The theater steals from film for source material all the time, but now it's taking a cue from the exhibition side by going multiplex.
The 37 Arts complex, which "Hurlyburly" will christen when it begins previews on April 11, is the latest in Gotham's growing breed of sleek new structures housing many Off Broadway stages under one roof.
The others are: Theater Row (five theaters, opened Fall 2002), 59E59 (three, Feb. 2004) and Dodger Stages (five, Aug. 2004), which is, in fact, a converted Loews cineplex.
Stanley Durwood opened the first movie multiplex in Kansas City in the 1960s. The idea was copied and mass-produced by Cineplex Odeon founder Garth Drabinsky in the late 1970s and 1980s. Today, some suburban movie houses have 30 screens, while the percentage of one-screen venues has gone from 90% in 1978 to 25% in 2005.
Legit multiplexes have similar economies of scale to their film counterparts. Most significantly, they're a destination, with a bigger buzz and more activities than a single, freestanding theater can provide.
On top of its three theaters, 37 Arts has three floors of dance studios and offices run by Mikhail Baryshnikov. The place has some quirks - lots of exposed concrete, an atrium with a seven-story wall of frosted glass and tweed seats scattered among the velvet ones - that the owners hope will give the place an air of gritty energy and spontaneity.
"There'll be things going on in this building from 9 a.m. to midnight, every day," says Alan Schuster, one of the principal owners, who hopes one show will breed auds for another.
As with cineplexes, auds coming to "Altar Boyz" at Dodger Stages might see the poster for "Modern Orthodox," which is playing down the hall.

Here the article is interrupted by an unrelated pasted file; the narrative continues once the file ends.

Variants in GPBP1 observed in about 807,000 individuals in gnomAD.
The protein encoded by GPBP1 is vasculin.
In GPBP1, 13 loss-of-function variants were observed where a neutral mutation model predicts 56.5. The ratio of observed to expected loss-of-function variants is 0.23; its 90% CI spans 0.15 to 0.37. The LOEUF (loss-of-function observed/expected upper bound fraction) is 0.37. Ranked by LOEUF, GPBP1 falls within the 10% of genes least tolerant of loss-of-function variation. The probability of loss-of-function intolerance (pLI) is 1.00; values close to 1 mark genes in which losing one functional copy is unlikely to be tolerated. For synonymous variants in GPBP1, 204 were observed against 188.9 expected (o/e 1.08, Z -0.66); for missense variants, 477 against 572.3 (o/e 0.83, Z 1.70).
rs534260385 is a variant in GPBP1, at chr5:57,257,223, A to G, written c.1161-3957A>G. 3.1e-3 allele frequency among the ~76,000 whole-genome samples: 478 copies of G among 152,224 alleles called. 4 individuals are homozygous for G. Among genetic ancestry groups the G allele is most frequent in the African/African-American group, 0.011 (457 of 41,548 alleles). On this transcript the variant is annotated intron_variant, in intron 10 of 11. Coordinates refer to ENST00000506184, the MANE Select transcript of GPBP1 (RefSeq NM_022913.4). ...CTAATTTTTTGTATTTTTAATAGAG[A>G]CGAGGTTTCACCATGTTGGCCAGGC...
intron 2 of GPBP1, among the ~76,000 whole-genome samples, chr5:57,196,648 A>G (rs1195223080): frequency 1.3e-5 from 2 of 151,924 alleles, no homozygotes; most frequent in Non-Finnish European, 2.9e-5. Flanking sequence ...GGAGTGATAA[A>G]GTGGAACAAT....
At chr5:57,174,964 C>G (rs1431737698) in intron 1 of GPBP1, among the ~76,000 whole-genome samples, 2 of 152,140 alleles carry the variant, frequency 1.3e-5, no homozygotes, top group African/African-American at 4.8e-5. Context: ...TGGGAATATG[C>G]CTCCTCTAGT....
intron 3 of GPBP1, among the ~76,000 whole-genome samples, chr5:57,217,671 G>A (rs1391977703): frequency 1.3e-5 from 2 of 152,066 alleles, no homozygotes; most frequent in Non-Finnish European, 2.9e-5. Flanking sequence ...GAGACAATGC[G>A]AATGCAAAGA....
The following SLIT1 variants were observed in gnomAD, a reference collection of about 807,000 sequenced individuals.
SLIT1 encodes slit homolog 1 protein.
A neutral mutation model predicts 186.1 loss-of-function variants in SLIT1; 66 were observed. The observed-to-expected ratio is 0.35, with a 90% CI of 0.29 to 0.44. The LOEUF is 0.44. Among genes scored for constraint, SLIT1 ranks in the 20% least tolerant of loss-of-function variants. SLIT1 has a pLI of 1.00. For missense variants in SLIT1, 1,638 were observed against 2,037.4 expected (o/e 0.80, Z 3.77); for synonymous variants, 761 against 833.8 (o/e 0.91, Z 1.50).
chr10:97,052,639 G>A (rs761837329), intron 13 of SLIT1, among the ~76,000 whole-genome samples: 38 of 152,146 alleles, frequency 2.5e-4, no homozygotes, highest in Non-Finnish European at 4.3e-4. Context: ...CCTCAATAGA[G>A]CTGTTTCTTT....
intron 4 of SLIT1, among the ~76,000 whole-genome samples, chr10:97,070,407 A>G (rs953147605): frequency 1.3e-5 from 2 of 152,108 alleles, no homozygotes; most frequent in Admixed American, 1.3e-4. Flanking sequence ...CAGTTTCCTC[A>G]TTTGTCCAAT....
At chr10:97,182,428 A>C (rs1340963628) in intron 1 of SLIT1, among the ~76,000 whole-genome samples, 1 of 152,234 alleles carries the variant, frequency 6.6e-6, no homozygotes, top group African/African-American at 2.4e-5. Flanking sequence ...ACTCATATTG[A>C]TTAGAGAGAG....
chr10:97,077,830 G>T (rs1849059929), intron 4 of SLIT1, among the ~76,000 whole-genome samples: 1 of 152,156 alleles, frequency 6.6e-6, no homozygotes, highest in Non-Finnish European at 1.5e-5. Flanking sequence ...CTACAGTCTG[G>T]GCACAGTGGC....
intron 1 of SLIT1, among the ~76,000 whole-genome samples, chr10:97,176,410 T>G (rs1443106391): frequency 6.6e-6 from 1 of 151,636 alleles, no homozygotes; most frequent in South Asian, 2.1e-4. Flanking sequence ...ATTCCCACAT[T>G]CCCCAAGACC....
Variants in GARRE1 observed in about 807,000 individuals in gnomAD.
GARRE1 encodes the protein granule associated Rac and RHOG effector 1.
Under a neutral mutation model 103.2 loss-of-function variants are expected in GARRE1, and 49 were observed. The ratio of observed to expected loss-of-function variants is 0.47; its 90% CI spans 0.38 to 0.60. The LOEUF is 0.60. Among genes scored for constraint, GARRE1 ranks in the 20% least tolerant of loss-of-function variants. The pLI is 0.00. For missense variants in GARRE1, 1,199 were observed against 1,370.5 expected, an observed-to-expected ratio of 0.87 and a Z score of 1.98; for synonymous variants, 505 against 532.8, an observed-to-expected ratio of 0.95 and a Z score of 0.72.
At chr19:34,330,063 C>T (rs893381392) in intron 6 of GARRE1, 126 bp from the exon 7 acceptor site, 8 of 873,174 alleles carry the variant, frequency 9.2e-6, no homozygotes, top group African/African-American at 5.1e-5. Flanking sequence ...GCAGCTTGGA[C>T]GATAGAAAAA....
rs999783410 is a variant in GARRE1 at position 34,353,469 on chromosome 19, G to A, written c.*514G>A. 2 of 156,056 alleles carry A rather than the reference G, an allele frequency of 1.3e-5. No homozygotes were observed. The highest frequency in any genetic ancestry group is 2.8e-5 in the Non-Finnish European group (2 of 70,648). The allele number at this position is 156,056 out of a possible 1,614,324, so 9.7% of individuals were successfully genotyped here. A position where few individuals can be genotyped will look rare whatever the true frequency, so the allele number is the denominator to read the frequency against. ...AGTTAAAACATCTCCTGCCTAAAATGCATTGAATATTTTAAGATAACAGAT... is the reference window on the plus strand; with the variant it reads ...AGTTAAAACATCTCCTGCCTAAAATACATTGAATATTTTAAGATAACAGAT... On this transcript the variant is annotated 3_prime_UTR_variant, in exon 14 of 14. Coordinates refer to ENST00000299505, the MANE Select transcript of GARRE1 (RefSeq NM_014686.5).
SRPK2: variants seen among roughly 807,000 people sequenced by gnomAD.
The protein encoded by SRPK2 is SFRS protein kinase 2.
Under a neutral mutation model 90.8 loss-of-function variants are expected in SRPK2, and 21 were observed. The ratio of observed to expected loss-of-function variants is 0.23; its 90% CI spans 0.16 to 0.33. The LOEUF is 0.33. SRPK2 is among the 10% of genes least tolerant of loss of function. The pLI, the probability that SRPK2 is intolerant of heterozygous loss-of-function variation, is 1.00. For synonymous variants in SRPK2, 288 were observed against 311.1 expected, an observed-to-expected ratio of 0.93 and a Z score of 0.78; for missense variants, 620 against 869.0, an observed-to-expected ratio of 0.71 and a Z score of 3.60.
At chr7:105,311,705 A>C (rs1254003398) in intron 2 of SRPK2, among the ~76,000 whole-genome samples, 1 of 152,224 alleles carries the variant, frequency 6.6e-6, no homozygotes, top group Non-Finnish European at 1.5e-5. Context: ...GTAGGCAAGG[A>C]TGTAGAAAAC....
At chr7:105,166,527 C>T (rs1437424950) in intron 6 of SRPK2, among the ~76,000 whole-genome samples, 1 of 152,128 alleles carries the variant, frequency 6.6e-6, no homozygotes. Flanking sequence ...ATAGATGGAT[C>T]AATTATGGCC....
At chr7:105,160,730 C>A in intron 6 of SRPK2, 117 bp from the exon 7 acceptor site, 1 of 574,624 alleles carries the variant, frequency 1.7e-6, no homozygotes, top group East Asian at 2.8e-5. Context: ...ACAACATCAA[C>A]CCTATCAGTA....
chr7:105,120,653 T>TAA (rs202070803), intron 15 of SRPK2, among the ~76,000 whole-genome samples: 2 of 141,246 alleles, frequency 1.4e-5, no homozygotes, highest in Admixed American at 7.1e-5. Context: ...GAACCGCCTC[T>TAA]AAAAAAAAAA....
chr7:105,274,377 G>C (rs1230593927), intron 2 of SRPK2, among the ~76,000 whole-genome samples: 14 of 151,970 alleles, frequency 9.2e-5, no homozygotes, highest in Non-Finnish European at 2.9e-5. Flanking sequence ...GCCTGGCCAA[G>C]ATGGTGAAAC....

"When you're coming in to see a show by an established group like the New Group, you'll see that there's a brand new company doing Shakespeare downstairs," says Theater Row general manager Erika Feldman, who runs the venue with producer Arielle Tepper.
The creators of 37 Arts - located on a not-exactly-hopping stretch of 37th Street near 10th Avenue, across from an auto repair shop - hope the venue will help stimulate the neighborhood, as Theater Row did for 42nd Street west of 9th Avenue.
The venues also save on construction costs. The Little Shubert, a freestanding 499-seat theater, cost $12 million, while Dodger Stages, which has two 499-seaters and three other theaters, cost $26 million (Schuster declined comment on 37 Arts costs).
Plus, judging from the verticality of 37 Arts, 59E59 and Theater Row, perhaps Gotham land is so expensive that if you're going to build one theater, it pays to build others on top of it.
As in film, legit complexes can consolidate the concession stands, which serve a steady stream of auds (as opposed to just one wave before a show and another during intermission). Dodger Stages' three bars and Theater Row's lounge are intended as hip hangout areas.
"The point is that you don't wait outside until 7:30 when the doors open," says Michael David, a partner in Dodger Stage Holding, which runs Dodger Stages. "You're in there, you're downstairs, you can have a bite to eat, you can have the drink of your choice."